• Getting out of bed
    • Eat what is served
    • Smile if you have a headache
    • Bear the differences of character in the office or at home

Christian Fortitude
  • We have discussed fortitude from a merely human point of view
  • Virtues were not original Christian ideas, they were popularized by ancient Greek philosophers
  • But the Christians have improved our understanding of the virtues, giving them a Christian tone
  • St. Augustine : Fortitude is the love that bears everything for the sake of the object of one’s love 
    • Thus, Christian fortitude is not just one borne of will power
    • It's main source is love
    • St.Augustine's quotation: "Love and do what you please."
      • Amor vincit omnia: Love conquers all
      • Amor suffert omnia:  Love endures all
  • Since our highest goal is God, the ultimate object of our love, Christian fortitude enables us to endure all things, to suffer all things without sadness, with our heart firmly set on God
    • Explanation for martyrdom and many other "crazy" things that people do for God
    • We need natural fortitude to live our commitments to God
  • Applications
    • Fulfillment of our duties before God
      • Prayer and the sacraments
      • Doing good
      • Bearing evil and hurts
      • Defending the Church's principles

Thursday, September 17, 2015

Order, Self-mastery, Virility, and Beauty in Temperance

This is Part 2 of a series of 4 talk outlines on the cardinal virtues 

'Puzzle' by Olga Shevchenko*

First impression and misconceptions about the virtue
  • Usually it is associated with control, restrain, resistance. 
    • This is not incorrect. 
    • However, this is not the most important thing about this virtue. 
    • It is only an aspect, or we could even say, a consequence of the deeper meaning of the virtue.
  • Worse is the virtue’s being associated with prohibition, ban, prevention, bawal(Tagalog), guinadili (Bisaya).
  • This is one of the reasons why this virtue may seem unpopular to some people.
    • People could even look at this virtue as unmanly.
  • Temperance is the order and integration of the appetites to the person
  • Temperance is the proper integration of the bodily appetites to the person.
  • In Latin, temperance means having to dispose various parts into one unified and ordered whole.
  • Thus temperance has something to do with order, with integration: of the appetites with respect to the person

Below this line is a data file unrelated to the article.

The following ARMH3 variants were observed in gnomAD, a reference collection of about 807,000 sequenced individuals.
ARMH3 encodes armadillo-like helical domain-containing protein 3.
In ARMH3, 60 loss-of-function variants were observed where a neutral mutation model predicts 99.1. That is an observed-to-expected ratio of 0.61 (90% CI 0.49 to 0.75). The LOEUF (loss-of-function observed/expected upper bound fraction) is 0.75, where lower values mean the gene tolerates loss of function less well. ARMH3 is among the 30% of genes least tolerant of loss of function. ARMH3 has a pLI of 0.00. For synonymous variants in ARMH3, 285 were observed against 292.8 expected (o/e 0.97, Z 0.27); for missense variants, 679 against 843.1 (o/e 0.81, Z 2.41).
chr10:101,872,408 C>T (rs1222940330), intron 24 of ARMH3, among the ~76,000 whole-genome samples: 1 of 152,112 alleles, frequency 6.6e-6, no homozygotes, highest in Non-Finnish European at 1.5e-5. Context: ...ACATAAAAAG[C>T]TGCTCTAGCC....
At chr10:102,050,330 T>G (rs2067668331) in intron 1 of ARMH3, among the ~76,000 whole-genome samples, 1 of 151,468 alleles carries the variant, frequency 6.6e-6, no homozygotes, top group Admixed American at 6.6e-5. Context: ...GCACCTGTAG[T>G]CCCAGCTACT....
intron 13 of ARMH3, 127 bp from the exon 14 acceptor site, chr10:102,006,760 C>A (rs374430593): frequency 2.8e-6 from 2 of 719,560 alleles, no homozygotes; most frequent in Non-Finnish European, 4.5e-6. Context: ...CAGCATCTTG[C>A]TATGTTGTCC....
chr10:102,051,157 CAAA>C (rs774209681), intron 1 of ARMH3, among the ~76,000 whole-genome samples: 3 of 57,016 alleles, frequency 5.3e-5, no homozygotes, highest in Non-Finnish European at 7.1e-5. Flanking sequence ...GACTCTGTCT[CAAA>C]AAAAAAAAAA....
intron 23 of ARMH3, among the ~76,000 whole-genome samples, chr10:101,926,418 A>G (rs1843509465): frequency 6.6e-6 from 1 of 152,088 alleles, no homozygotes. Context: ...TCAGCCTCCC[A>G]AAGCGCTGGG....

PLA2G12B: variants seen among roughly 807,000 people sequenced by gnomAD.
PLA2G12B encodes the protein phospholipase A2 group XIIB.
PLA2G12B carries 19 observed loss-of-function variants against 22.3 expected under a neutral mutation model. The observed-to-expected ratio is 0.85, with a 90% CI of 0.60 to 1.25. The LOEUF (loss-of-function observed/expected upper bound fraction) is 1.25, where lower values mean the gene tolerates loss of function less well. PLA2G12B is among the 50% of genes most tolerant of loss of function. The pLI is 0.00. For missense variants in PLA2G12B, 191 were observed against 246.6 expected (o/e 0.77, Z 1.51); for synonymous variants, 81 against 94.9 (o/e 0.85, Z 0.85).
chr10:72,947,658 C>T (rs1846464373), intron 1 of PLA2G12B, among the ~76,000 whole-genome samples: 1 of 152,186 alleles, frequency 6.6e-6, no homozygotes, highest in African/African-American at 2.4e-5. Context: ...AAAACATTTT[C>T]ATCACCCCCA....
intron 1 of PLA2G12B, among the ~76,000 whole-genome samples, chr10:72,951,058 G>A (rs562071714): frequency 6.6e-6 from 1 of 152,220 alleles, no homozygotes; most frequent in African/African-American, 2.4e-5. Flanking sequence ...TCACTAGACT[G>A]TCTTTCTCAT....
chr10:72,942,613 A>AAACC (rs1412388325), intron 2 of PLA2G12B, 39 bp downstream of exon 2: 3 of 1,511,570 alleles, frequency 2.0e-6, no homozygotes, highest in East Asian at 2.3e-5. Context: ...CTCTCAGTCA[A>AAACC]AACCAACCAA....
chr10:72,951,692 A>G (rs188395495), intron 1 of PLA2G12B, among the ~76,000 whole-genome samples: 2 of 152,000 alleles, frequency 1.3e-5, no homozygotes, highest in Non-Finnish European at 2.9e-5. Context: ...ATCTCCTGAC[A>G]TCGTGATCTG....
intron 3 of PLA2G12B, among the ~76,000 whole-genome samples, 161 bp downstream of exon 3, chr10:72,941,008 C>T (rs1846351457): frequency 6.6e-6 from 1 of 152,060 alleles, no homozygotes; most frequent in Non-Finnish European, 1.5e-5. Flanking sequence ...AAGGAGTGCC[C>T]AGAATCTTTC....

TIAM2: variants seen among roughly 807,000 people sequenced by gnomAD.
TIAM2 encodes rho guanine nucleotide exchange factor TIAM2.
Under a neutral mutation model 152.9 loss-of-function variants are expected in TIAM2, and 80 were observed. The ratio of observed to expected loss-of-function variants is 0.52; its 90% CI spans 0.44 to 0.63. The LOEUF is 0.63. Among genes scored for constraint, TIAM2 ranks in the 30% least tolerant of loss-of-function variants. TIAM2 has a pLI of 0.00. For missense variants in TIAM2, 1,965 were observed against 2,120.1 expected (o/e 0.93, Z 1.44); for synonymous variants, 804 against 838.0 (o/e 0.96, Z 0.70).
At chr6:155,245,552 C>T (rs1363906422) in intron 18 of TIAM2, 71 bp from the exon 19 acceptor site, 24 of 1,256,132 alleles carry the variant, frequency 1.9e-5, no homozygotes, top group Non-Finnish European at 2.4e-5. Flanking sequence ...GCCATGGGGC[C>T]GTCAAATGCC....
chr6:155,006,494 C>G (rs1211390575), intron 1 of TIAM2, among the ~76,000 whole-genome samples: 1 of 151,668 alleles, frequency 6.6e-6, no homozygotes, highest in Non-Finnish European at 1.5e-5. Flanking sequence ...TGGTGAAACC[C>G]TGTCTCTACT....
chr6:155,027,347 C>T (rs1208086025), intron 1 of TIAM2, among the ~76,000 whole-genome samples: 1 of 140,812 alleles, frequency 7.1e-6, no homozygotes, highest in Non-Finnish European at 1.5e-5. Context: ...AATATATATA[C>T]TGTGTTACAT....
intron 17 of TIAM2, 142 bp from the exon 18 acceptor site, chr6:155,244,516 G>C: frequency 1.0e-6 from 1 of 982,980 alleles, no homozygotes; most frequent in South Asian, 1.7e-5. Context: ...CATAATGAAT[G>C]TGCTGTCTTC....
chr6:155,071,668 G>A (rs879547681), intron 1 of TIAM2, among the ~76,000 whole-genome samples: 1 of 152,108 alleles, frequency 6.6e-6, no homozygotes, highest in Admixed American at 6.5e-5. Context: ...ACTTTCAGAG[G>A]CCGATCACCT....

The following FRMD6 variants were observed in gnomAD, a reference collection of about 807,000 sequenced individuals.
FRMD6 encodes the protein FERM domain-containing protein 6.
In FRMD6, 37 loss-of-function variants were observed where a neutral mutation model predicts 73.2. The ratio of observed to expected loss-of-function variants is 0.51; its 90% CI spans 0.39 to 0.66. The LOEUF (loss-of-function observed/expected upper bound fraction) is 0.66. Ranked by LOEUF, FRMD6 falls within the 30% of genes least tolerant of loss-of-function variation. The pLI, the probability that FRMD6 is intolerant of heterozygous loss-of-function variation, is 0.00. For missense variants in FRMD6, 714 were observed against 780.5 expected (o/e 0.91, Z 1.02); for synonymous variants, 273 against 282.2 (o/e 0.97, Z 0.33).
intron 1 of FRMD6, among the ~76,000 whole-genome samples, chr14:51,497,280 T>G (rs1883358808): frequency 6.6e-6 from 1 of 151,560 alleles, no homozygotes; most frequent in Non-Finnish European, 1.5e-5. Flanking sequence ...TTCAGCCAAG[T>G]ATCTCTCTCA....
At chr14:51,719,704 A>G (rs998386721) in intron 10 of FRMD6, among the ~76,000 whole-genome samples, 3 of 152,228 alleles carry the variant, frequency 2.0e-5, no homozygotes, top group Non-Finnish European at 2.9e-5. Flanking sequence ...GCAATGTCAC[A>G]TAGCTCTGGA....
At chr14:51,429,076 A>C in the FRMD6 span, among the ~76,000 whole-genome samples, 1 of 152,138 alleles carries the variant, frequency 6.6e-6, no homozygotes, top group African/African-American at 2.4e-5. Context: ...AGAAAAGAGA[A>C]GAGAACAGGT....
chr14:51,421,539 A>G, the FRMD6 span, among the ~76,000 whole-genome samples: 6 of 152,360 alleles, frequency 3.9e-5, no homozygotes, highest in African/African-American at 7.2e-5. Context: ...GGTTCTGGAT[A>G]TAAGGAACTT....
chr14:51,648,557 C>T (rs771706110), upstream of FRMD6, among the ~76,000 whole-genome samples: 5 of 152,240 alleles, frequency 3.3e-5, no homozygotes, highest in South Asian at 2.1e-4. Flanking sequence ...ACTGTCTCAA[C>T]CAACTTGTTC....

The Appetites

  • Man’s 2 strongest appetites come from his instinct for survival.
    • Survival in the Individual level : Appetite for food and drink
    • Survival in the Social level : Appetite for the sexual act
  • De Marco, a philosopher says “The appetites, because they are associated with the desire for self-preservation are deeply rooted in the human nature, and consequently [because of original sin] can be very dangerous.”
  • For this reason, these appetites have to be properly ordered, integrated to the person.

Reason and order in our Appetites
  • What does it mean for the appetites to be properly ordered, integrated to the person?
    • It means that they have their right place, and that is, that they have to be properly guided by reason, meaning, according to the purpose that they were intended for.
    • And what are those?
      • Food and drink
        • for self-preservation, bodily sustenance, we may add as a bonus, social interaction with others.
      • Sexual act 
        • Good of the spouses and the procreation and education of children. 
        • Plus : the proper conditions under which this is carried out according to God’s plan 
          • Between man and woman, within marriage, and open to life.
  • When these appetites observe this proper order — the reason and purpose behind their existence, they become good actions.  
  • The appetites are not bad in themselves.
  • To eat food is not evil, the sexual act is not evil, but to do them outside reason, outside their purpose, would be wrong
  • Thus, temperance allows man to maintain his balance when the force of bodily appetites threatens to violate the order of reason. 
  • It allows him to have self-mastery self mastery over his appetites, ordering them according to reason.

Temperance is: manly, self-mastery,  perfection. It prepares Man to make a commitment
  • Thus, temperance is actually not childish, but is actually mature and manly.
  • It is the temperate man who has dominion over his own self, and for this reason, he will be able to
    • Give himself to the others (in marriage, in a vocation, in a commitment)
  • Since he is able to govern himself, the temperate man can then he can begin to govern the others

Quote from Pieper on Beauty and Manliness in Temperance